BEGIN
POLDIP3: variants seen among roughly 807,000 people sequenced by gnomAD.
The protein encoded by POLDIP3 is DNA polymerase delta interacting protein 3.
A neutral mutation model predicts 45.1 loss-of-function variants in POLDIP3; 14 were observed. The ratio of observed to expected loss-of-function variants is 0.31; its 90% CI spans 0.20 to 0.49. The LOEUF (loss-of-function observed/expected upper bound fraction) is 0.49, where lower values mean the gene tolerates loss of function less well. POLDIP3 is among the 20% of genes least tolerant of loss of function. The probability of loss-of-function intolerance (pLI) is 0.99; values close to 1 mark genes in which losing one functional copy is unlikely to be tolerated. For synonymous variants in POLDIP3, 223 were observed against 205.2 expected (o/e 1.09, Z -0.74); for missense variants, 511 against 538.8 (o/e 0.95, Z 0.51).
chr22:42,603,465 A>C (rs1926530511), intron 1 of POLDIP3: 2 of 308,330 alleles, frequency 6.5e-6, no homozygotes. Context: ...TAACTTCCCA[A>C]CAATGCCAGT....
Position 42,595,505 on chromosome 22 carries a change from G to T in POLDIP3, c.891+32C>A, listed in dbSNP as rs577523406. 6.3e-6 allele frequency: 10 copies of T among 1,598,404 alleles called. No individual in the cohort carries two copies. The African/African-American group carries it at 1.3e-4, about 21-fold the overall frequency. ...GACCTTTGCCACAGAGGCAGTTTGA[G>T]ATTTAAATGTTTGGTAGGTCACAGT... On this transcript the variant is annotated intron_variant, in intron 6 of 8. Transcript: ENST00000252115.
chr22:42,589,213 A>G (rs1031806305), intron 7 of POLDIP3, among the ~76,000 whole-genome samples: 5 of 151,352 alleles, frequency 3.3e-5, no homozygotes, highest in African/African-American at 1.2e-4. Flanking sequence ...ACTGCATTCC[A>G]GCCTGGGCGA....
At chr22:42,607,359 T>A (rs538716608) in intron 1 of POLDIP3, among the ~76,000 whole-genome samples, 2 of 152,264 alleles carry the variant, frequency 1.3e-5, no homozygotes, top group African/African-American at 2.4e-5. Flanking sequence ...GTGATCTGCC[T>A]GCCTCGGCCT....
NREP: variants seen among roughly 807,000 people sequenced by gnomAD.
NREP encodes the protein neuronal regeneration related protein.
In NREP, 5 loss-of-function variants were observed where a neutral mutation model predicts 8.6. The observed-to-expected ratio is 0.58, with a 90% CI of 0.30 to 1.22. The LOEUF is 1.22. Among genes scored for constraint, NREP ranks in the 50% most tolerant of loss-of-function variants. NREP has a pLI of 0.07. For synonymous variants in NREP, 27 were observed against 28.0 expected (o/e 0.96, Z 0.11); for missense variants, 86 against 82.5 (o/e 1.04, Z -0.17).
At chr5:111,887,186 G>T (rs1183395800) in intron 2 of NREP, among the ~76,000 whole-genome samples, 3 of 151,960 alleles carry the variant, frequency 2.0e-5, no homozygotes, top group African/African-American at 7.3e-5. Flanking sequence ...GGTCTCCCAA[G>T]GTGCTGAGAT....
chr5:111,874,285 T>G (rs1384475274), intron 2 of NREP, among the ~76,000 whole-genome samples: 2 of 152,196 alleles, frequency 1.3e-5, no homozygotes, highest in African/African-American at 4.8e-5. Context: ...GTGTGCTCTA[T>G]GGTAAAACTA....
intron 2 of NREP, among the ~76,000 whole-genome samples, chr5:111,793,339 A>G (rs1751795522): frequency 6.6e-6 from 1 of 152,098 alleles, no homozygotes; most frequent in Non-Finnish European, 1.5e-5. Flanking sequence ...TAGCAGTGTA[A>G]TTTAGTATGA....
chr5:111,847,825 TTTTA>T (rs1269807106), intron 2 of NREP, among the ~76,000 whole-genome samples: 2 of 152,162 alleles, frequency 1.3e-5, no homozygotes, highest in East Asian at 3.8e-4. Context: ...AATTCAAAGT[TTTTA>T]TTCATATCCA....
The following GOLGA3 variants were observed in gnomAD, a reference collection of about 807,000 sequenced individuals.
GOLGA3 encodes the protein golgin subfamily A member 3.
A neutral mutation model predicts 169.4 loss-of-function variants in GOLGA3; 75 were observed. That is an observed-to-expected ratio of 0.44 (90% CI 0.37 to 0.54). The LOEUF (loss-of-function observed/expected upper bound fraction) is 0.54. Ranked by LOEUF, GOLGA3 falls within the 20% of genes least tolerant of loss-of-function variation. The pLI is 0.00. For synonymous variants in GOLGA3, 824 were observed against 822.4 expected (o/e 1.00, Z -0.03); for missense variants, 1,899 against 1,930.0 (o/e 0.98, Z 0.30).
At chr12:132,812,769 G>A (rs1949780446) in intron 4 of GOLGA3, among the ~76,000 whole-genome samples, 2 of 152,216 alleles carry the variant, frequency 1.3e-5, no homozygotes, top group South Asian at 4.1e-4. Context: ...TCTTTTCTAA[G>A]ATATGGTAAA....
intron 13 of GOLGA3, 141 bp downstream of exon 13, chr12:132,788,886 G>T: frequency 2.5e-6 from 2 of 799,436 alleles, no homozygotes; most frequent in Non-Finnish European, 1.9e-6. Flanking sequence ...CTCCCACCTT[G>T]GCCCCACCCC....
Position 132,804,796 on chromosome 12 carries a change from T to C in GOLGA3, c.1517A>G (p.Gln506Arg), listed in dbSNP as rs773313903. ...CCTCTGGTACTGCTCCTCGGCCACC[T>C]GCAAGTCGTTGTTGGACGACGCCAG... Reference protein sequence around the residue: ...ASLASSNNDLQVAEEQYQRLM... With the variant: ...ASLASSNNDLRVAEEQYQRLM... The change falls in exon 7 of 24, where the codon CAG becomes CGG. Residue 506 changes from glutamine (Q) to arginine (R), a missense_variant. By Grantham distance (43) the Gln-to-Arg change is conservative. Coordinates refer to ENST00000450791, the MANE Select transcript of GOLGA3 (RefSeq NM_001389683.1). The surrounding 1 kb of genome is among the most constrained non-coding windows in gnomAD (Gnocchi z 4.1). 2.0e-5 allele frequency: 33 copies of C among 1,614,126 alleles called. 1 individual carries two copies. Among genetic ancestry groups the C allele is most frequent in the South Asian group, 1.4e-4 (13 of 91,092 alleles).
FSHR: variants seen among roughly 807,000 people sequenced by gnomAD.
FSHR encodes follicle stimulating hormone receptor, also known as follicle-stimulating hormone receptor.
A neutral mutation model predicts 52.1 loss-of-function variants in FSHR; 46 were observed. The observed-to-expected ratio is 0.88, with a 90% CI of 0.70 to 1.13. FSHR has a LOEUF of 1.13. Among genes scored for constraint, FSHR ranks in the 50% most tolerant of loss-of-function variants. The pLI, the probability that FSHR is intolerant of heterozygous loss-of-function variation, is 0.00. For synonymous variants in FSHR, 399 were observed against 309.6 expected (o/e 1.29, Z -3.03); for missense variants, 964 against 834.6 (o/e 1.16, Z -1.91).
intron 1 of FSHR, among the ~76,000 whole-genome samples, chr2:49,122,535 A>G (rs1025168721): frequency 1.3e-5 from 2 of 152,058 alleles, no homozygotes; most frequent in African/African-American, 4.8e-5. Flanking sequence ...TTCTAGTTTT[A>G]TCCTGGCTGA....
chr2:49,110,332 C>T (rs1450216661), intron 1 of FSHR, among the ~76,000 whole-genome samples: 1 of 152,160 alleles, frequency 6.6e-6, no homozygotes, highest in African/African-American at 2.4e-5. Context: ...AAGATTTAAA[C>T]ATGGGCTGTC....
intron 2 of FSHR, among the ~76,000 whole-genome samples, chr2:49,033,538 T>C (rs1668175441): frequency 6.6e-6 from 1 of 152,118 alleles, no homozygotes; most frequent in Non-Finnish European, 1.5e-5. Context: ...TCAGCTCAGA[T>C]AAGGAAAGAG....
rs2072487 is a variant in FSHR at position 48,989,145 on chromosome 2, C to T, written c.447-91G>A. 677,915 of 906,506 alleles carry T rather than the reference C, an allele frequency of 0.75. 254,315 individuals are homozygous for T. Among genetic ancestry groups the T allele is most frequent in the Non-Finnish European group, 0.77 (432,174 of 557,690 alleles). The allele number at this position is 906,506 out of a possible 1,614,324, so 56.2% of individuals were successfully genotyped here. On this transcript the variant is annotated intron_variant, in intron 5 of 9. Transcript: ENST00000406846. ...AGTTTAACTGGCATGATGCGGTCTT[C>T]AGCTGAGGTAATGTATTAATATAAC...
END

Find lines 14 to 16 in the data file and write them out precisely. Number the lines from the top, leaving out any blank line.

chr5:111,847,825 TTTTA>T (rs1269807106), intron 2 of NREP, among the ~76,000 whole-genome samples: 2 of 152,162 alleles, frequency 1.3e-5, no homozygotes, highest in East Asian at 3.8e-4. Context: ...AATTCAAAGT[TTTTA>T]TTCATATCCA....
The following GOLGA3 variants were observed in gnomAD, a reference collection of about 807,000 sequenced individuals.
GOLGA3 encodes the protein golgin subfamily A member 3.